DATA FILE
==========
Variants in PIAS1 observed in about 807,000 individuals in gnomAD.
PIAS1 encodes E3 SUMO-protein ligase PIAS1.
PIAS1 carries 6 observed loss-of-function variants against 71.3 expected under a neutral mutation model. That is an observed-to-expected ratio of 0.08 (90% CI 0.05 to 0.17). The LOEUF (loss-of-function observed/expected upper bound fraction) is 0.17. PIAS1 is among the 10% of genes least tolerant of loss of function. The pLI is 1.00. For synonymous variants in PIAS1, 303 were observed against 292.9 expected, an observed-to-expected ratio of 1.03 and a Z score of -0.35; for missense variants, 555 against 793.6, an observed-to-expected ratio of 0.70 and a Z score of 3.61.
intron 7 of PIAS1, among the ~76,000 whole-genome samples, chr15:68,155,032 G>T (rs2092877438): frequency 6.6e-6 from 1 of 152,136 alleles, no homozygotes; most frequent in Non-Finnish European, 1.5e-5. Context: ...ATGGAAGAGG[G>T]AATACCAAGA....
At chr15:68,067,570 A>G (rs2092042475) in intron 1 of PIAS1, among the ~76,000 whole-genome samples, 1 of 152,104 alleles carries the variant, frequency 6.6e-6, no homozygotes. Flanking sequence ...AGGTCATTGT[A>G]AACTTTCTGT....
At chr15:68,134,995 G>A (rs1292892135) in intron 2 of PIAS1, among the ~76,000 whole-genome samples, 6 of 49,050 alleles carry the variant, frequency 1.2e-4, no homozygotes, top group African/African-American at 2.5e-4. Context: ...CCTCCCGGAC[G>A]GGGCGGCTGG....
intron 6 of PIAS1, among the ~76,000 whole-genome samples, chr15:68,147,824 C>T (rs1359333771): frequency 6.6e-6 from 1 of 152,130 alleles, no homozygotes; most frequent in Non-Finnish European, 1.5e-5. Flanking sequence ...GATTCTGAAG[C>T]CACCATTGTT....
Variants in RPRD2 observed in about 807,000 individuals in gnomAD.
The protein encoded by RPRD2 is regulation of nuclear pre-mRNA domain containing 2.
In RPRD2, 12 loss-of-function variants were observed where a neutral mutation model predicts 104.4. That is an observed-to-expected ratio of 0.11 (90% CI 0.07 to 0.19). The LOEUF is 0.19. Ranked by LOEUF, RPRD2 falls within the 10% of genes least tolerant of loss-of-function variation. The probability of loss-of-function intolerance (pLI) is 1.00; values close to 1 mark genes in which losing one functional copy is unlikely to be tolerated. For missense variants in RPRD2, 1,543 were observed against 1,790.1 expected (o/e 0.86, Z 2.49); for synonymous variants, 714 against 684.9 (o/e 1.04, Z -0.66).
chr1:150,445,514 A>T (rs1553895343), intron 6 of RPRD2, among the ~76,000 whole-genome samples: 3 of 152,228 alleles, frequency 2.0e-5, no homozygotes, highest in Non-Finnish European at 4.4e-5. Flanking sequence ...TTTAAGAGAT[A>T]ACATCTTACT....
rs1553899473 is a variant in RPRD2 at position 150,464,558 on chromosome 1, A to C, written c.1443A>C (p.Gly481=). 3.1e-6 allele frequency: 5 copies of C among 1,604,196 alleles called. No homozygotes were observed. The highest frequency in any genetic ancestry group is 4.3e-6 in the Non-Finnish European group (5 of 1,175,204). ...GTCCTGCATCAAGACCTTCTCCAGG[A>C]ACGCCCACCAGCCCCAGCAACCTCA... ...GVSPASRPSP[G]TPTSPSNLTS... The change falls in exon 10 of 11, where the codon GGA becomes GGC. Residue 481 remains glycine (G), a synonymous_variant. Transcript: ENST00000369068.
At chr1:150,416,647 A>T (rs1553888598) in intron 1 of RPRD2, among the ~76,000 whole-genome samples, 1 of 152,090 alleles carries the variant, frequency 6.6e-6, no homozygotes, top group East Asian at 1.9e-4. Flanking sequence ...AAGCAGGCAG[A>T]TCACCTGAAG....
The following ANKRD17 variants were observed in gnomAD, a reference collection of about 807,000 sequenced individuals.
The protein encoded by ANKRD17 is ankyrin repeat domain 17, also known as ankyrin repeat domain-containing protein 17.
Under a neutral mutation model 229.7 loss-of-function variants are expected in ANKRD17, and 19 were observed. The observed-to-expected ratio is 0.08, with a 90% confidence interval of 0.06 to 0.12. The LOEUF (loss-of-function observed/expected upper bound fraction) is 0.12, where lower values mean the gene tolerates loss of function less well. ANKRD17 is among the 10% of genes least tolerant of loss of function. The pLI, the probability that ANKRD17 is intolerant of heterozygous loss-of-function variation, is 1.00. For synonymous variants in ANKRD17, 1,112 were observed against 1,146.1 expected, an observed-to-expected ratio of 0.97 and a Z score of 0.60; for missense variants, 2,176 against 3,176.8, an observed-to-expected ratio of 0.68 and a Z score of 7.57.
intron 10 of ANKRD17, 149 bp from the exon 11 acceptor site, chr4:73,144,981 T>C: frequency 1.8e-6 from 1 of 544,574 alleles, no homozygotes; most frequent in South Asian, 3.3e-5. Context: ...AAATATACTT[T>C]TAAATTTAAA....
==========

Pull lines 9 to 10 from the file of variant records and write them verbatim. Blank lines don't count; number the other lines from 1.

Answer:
The protein encoded by RPRD2 is regulation of nuclear pre-mRNA domain containing 2.
In RPRD2, 12 loss-of-function variants were observed where a neutral mutation model predicts 104.4. That is an observed-to-expected ratio of 0.11 (90% CI 0.07 to 0.19). The LOEUF is 0.19. Ranked by LOEUF, RPRD2 falls within the 10% of genes least tolerant of loss-of-function variation. The probability of loss-of-function intolerance (pLI) is 1.00; values close to 1 mark genes in which losing one functional copy is unlikely to be tolerated. For missense variants in RPRD2, 1,543 were observed against 1,790.1 expected (o/e 0.86, Z 2.49); for synonymous variants, 714 against 684.9 (o/e 1.04, Z -0.66).